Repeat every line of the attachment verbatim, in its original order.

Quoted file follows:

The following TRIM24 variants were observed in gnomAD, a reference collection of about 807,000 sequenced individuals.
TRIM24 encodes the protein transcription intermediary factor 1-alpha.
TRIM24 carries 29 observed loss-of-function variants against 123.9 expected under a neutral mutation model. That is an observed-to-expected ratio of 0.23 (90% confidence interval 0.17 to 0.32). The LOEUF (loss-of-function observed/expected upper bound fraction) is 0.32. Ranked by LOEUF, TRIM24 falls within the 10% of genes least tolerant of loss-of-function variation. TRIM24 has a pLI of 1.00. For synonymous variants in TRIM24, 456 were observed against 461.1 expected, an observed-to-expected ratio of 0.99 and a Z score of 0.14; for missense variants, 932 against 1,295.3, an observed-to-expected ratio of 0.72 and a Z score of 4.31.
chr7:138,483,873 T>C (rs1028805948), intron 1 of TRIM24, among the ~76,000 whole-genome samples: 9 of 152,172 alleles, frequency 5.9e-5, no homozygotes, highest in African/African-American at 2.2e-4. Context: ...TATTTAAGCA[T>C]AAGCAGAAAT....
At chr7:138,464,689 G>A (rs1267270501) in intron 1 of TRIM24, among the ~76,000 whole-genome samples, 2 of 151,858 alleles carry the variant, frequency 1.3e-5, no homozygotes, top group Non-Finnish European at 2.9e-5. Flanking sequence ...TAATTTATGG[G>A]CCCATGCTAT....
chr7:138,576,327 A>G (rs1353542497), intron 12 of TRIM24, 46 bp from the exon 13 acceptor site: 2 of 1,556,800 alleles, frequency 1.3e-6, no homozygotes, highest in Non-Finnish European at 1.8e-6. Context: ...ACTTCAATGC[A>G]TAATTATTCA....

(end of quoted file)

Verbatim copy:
The following TRIM24 variants were observed in gnomAD, a reference collection of about 807,000 sequenced individuals.
TRIM24 encodes the protein transcription intermediary factor 1-alpha.
TRIM24 carries 29 observed loss-of-function variants against 123.9 expected under a neutral mutation model. That is an observed-to-expected ratio of 0.23 (90% confidence interval 0.17 to 0.32). The LOEUF (loss-of-function observed/expected upper bound fraction) is 0.32. Ranked by LOEUF, TRIM24 falls within the 10% of genes least tolerant of loss-of-function variation. TRIM24 has a pLI of 1.00. For synonymous variants in TRIM24, 456 were observed against 461.1 expected, an observed-to-expected ratio of 0.99 and a Z score of 0.14; for missense variants, 932 against 1,295.3, an observed-to-expected ratio of 0.72 and a Z score of 4.31.
chr7:138,483,873 T>C (rs1028805948), intron 1 of TRIM24, among the ~76,000 whole-genome samples: 9 of 152,172 alleles, frequency 5.9e-5, no homozygotes, highest in African/African-American at 2.2e-4. Context: ...TATTTAAGCA[T>C]AAGCAGAAAT....
At chr7:138,464,689 G>A (rs1267270501) in intron 1 of TRIM24, among the ~76,000 whole-genome samples, 2 of 151,858 alleles carry the variant, frequency 1.3e-5, no homozygotes, top group Non-Finnish European at 2.9e-5. Flanking sequence ...TAATTTATGG[G>A]CCCATGCTAT....
chr7:138,576,327 A>G (rs1353542497), intron 12 of TRIM24, 46 bp from the exon 13 acceptor site: 2 of 1,556,800 alleles, frequency 1.3e-6, no homozygotes, highest in Non-Finnish European at 1.8e-6. Context: ...ACTTCAATGC[A>G]TAATTATTCA....